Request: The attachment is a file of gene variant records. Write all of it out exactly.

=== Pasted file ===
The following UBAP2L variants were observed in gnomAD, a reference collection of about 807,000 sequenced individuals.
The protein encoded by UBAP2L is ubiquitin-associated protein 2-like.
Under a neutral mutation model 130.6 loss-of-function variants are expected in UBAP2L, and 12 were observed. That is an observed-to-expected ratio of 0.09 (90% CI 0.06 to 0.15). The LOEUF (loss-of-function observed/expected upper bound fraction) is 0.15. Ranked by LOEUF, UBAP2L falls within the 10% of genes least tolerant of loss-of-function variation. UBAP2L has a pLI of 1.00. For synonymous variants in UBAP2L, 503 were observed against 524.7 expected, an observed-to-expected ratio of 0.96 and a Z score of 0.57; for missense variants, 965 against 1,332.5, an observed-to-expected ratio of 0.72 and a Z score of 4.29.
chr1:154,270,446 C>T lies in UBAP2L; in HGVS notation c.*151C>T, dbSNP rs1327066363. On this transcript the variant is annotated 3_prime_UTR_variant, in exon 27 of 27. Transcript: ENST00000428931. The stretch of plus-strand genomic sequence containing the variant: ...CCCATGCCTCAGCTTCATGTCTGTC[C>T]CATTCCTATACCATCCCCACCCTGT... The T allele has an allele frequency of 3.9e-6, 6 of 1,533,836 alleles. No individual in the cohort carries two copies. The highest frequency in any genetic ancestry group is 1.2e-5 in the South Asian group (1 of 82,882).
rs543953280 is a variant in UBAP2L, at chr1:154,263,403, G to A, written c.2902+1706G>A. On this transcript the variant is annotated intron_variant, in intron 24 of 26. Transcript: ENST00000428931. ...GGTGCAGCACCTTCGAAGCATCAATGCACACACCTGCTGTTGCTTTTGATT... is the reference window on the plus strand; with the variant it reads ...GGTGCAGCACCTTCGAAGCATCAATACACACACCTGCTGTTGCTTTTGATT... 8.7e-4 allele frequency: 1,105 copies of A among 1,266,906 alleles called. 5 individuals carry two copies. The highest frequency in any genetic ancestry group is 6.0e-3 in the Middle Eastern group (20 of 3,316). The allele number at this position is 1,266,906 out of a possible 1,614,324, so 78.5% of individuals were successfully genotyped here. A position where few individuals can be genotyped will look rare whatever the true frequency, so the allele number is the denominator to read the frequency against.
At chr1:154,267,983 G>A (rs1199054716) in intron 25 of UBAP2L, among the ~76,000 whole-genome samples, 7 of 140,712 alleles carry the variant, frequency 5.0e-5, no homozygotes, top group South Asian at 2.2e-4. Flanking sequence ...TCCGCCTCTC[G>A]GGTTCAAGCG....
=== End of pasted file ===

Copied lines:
The following UBAP2L variants were observed in gnomAD, a reference collection of about 807,000 sequenced individuals.
The protein encoded by UBAP2L is ubiquitin-associated protein 2-like.
Under a neutral mutation model 130.6 loss-of-function variants are expected in UBAP2L, and 12 were observed. That is an observed-to-expected ratio of 0.09 (90% CI 0.06 to 0.15). The LOEUF (loss-of-function observed/expected upper bound fraction) is 0.15. Ranked by LOEUF, UBAP2L falls within the 10% of genes least tolerant of loss-of-function variation. UBAP2L has a pLI of 1.00. For synonymous variants in UBAP2L, 503 were observed against 524.7 expected, an observed-to-expected ratio of 0.96 and a Z score of 0.57; for missense variants, 965 against 1,332.5, an observed-to-expected ratio of 0.72 and a Z score of 4.29.
chr1:154,270,446 C>T lies in UBAP2L; in HGVS notation c.*151C>T, dbSNP rs1327066363. On this transcript the variant is annotated 3_prime_UTR_variant, in exon 27 of 27. Transcript: ENST00000428931. The stretch of plus-strand genomic sequence containing the variant: ...CCCATGCCTCAGCTTCATGTCTGTC[C>T]CATTCCTATACCATCCCCACCCTGT... The T allele has an allele frequency of 3.9e-6, 6 of 1,533,836 alleles. No individual in the cohort carries two copies. The highest frequency in any genetic ancestry group is 1.2e-5 in the South Asian group (1 of 82,882).
rs543953280 is a variant in UBAP2L, at chr1:154,263,403, G to A, written c.2902+1706G>A. On this transcript the variant is annotated intron_variant, in intron 24 of 26. Transcript: ENST00000428931. ...GGTGCAGCACCTTCGAAGCATCAATGCACACACCTGCTGTTGCTTTTGATT... is the reference window on the plus strand; with the variant it reads ...GGTGCAGCACCTTCGAAGCATCAATACACACACCTGCTGTTGCTTTTGATT... 8.7e-4 allele frequency: 1,105 copies of A among 1,266,906 alleles called. 5 individuals carry two copies. The highest frequency in any genetic ancestry group is 6.0e-3 in the Middle Eastern group (20 of 3,316). The allele number at this position is 1,266,906 out of a possible 1,614,324, so 78.5% of individuals were successfully genotyped here. A position where few individuals can be genotyped will look rare whatever the true frequency, so the allele number is the denominator to read the frequency against.
At chr1:154,267,983 G>A (rs1199054716) in intron 25 of UBAP2L, among the ~76,000 whole-genome samples, 7 of 140,712 alleles carry the variant, frequency 5.0e-5, no homozygotes, top group South Asian at 2.2e-4. Flanking sequence ...TCCGCCTCTC[G>A]GGTTCAAGCG....